How The Pros Do It: Avoiding Embarrassment & Delivering Perfect Presentations Ah! The presentation. Some of us love them. Some of us hate them. But no matter what, we all usually have to give them at one point or another, whether in school, work or even just for enjoyment (see Get Inspired With TED’s Top 20 Most Watched Videos [Stuff to Watch]). Public speaking and presentations is an art though – have you ever sat through a horrendous talk? Research & Content Organization Thorough research is essential (like everything mentioned in this piece) to a successful presentation. Create a plan of action.Gather all your research into one place.Be open to where you acquire your research.Backup, backup, backup.Browse the web safely.Organize your files.Save two copies: one for editing, one for presenting. Read more about how to conquer your next research project the easy way. Content organization can be organizing your physical files (which is essential), but it can also mean how you organize what you are presenting to your audience. Create An Outline Know Your Audience Phew!

25 Top Concept-Mapping Tools For Visual Learning Concept-mapping–or mind-mapping, idea-mapping, or some other variation that makes sense to you–is the practice of demonstrating the relationship between ideas in a map-like form. Concept-mapping allows creators to articulate nuance, context, and interdependence between ideas in a very user-centered way. This makes them especially useful in education, whether you use them for pre-writing, research notes, or “back-mapping” a unit or unit assessment. They encourage macro-thinking, can provide a bridge to struggling writers who have trouble turning their thinking into prose, and are a powerful tool for visual learning. In short, a well-done concept-map communicates the full context and nuance of an idea cleanly and visually, which can lead to other more in-depth study, such as extended research, expository writing, Socratic discussions, and other “academic actions” and literacy strategies.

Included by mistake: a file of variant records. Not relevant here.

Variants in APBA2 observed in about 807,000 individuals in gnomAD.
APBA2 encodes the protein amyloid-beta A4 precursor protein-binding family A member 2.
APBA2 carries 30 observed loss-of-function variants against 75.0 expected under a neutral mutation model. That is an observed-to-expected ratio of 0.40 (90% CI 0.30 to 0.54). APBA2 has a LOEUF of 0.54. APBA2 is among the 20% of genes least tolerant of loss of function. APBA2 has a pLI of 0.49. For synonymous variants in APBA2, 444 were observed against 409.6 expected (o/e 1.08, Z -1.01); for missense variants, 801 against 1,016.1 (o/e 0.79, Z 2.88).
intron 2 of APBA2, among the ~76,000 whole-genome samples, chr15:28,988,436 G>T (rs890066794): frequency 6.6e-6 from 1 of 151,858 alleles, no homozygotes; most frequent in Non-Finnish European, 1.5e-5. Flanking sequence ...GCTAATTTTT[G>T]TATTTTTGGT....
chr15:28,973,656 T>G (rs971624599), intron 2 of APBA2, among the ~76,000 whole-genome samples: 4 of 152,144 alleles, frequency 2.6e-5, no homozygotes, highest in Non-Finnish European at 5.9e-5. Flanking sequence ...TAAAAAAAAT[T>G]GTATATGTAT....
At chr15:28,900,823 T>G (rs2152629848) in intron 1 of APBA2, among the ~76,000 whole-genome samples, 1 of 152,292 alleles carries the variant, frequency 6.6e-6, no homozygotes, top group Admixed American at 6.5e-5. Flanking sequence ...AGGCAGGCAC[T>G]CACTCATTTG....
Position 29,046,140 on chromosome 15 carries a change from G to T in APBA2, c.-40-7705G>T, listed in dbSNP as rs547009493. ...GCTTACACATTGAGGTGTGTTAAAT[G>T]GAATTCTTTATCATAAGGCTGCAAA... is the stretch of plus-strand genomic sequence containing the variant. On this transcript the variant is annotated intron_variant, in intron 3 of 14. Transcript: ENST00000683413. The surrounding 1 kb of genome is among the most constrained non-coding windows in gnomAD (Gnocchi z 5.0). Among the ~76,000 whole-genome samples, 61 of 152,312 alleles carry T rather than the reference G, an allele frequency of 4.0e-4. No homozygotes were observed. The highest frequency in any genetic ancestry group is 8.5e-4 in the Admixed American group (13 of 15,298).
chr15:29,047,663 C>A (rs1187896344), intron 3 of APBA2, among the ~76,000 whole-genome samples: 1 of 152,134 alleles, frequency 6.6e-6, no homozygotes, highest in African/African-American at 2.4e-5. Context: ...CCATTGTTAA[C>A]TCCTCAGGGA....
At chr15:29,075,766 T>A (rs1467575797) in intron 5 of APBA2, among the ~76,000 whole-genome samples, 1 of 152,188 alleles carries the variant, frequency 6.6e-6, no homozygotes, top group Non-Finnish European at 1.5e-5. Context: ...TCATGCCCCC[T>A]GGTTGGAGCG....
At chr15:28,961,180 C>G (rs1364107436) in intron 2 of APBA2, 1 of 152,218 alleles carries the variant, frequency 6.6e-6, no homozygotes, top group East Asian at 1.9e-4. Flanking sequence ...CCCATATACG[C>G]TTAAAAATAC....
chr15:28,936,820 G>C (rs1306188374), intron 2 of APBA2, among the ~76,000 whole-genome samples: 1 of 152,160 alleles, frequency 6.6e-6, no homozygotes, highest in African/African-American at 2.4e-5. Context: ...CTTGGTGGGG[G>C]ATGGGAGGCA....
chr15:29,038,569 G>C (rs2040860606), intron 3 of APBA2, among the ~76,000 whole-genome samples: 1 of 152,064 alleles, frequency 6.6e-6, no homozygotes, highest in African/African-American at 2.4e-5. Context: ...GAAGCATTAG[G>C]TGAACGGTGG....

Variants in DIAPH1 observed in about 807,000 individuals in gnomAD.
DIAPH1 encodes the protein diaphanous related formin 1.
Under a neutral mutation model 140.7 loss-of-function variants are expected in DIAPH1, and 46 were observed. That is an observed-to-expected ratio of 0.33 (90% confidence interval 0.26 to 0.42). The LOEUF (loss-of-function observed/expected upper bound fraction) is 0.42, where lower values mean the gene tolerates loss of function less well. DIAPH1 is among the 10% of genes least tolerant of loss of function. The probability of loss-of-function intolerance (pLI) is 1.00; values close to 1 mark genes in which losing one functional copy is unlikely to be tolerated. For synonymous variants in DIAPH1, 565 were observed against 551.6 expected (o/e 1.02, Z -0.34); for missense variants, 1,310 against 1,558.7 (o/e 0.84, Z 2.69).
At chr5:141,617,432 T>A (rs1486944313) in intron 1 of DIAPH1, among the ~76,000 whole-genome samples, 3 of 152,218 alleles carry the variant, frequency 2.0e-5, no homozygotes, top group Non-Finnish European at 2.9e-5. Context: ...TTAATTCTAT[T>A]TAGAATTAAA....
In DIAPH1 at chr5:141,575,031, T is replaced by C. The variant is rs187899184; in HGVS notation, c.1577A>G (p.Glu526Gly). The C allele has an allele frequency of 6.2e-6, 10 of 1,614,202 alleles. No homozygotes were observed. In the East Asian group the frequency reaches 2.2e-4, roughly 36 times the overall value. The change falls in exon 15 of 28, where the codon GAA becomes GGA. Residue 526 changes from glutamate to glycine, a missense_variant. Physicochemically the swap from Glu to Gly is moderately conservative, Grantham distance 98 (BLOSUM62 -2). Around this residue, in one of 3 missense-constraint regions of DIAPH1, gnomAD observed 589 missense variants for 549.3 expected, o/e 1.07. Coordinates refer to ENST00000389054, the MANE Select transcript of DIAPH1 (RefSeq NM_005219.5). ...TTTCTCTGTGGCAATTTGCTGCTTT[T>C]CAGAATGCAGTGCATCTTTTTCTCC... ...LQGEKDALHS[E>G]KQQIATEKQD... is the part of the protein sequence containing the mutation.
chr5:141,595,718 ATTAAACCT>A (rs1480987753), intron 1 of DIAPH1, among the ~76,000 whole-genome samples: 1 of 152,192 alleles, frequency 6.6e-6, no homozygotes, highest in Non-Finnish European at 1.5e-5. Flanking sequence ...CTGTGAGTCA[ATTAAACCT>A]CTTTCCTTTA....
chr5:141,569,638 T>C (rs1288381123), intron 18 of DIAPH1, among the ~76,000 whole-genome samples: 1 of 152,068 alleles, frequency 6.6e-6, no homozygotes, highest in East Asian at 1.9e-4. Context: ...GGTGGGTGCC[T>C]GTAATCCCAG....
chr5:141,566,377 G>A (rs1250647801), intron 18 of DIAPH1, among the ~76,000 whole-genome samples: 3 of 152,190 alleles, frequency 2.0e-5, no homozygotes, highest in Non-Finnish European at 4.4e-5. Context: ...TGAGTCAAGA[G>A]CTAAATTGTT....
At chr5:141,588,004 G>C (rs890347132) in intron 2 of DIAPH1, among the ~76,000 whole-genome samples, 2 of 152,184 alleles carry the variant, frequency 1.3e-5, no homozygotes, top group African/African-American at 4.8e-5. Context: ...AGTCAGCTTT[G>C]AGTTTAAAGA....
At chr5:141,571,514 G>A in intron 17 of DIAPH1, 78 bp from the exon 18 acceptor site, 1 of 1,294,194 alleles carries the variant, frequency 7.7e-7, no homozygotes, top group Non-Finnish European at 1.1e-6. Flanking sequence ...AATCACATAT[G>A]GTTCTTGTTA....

What Tests Actually Measure What Tests Actually Measure by Grant Wiggins, Authentic Education We interrupt this general look at test validity to comment on very important educational research that was just made public (though the news of the findings was made known a few months ago on the APA website). In an exhaustive study that used MCAS test scores from Massachusetts and various tests of cognition (related to working memory, processing speed and fluent reasoning) researchers from Harvard, Brown & MIT examined the relationship between achievement in school as measured on standardized tests and student cognition. We already knew that these cognitive skills are fundamental in advancing or inhibiting intellectual achievement generally and school achievement specifically: These maturing mental abilities are thought to broadly underpin learning and cognitive skills. Given that results on tests of cognition predict achievement, might it work in the other direction? And so: what did the researchers find?